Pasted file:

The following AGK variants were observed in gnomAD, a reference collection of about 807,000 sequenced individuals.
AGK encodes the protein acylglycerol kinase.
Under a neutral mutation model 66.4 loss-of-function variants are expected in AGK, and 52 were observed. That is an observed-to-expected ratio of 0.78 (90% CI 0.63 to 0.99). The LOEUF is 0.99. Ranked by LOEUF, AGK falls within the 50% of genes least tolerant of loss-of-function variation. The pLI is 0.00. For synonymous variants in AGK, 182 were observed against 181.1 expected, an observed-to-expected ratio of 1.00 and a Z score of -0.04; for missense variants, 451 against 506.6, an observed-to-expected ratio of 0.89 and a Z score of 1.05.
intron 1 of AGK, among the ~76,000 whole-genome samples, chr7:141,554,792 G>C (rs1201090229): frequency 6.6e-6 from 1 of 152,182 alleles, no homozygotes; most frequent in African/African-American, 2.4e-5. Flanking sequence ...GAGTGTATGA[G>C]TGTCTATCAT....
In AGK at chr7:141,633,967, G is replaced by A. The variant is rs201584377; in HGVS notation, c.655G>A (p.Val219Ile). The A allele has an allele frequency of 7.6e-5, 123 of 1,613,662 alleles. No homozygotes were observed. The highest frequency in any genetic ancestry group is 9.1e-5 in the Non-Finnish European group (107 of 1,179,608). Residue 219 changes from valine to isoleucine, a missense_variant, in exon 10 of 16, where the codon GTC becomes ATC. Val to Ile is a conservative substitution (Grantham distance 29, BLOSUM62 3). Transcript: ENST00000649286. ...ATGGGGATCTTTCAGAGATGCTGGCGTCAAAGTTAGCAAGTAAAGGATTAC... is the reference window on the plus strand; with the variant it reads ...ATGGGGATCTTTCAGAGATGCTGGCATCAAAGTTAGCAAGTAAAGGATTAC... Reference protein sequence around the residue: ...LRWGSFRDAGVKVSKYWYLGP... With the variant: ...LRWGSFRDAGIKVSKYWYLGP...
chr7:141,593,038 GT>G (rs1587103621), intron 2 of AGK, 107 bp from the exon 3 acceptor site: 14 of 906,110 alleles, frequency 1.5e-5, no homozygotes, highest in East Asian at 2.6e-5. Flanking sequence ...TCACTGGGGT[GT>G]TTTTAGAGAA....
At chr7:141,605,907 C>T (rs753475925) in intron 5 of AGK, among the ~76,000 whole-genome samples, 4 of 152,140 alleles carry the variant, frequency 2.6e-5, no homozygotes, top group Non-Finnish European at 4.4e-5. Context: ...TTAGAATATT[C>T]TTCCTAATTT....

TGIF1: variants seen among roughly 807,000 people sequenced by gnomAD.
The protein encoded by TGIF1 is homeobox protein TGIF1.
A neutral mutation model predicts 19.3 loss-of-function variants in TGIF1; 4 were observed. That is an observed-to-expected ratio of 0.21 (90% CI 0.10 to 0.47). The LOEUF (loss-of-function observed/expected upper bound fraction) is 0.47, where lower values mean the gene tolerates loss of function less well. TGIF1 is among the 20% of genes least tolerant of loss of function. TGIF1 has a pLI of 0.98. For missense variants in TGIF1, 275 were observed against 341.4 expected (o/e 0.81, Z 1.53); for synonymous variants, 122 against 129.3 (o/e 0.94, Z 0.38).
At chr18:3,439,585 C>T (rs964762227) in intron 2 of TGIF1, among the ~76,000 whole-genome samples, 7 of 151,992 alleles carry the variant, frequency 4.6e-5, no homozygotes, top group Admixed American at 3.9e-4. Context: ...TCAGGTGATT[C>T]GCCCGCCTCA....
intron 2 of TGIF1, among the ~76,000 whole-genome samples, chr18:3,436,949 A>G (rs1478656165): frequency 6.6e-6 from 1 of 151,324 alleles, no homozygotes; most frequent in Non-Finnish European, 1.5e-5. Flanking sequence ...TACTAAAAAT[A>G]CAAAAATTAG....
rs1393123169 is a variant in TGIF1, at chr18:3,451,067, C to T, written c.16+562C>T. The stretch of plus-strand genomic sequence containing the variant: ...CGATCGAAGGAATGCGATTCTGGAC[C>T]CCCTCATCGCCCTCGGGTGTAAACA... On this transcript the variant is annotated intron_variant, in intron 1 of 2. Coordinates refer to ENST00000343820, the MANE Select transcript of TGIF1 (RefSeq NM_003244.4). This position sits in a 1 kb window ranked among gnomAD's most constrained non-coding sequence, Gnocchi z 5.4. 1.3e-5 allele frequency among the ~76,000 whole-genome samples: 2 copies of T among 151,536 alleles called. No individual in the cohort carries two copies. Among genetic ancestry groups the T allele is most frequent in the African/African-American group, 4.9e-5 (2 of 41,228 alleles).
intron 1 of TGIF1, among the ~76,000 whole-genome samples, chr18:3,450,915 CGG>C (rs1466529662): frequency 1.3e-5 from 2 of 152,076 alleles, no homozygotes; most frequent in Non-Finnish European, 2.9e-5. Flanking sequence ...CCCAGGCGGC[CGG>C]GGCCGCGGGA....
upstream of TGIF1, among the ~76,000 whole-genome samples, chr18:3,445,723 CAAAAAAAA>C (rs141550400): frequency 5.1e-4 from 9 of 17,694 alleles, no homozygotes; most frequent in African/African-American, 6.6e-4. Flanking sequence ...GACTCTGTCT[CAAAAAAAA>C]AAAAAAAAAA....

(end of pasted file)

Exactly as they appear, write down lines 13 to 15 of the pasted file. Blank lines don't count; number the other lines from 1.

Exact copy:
rs1393123169 is a variant in TGIF1, at chr18:3,451,067, C to T, written c.16+562C>T. The stretch of plus-strand genomic sequence containing the variant: ...CGATCGAAGGAATGCGATTCTGGAC[C>T]CCCTCATCGCCCTCGGGTGTAAACA... On this transcript the variant is annotated intron_variant, in intron 1 of 2. Coordinates refer to ENST00000343820, the MANE Select transcript of TGIF1 (RefSeq NM_003244.4). This position sits in a 1 kb window ranked among gnomAD's most constrained non-coding sequence, Gnocchi z 5.4. 1.3e-5 allele frequency among the ~76,000 whole-genome samples: 2 copies of T among 151,536 alleles called. No individual in the cohort carries two copies. Among genetic ancestry groups the T allele is most frequent in the African/African-American group, 4.9e-5 (2 of 41,228 alleles).
intron 1 of TGIF1, among the ~76,000 whole-genome samples, chr18:3,450,915 CGG>C (rs1466529662): frequency 1.3e-5 from 2 of 152,076 alleles, no homozygotes; most frequent in Non-Finnish European, 2.9e-5. Flanking sequence ...CCCAGGCGGC[CGG>C]GGCCGCGGGA....
upstream of TGIF1, among the ~76,000 whole-genome samples, chr18:3,445,723 CAAAAAAAA>C (rs141550400): frequency 5.1e-4 from 9 of 17,694 alleles, no homozygotes; most frequent in African/African-American, 6.6e-4. Flanking sequence ...GACTCTGTCT[CAAAAAAAA>C]AAAAAAAAAA....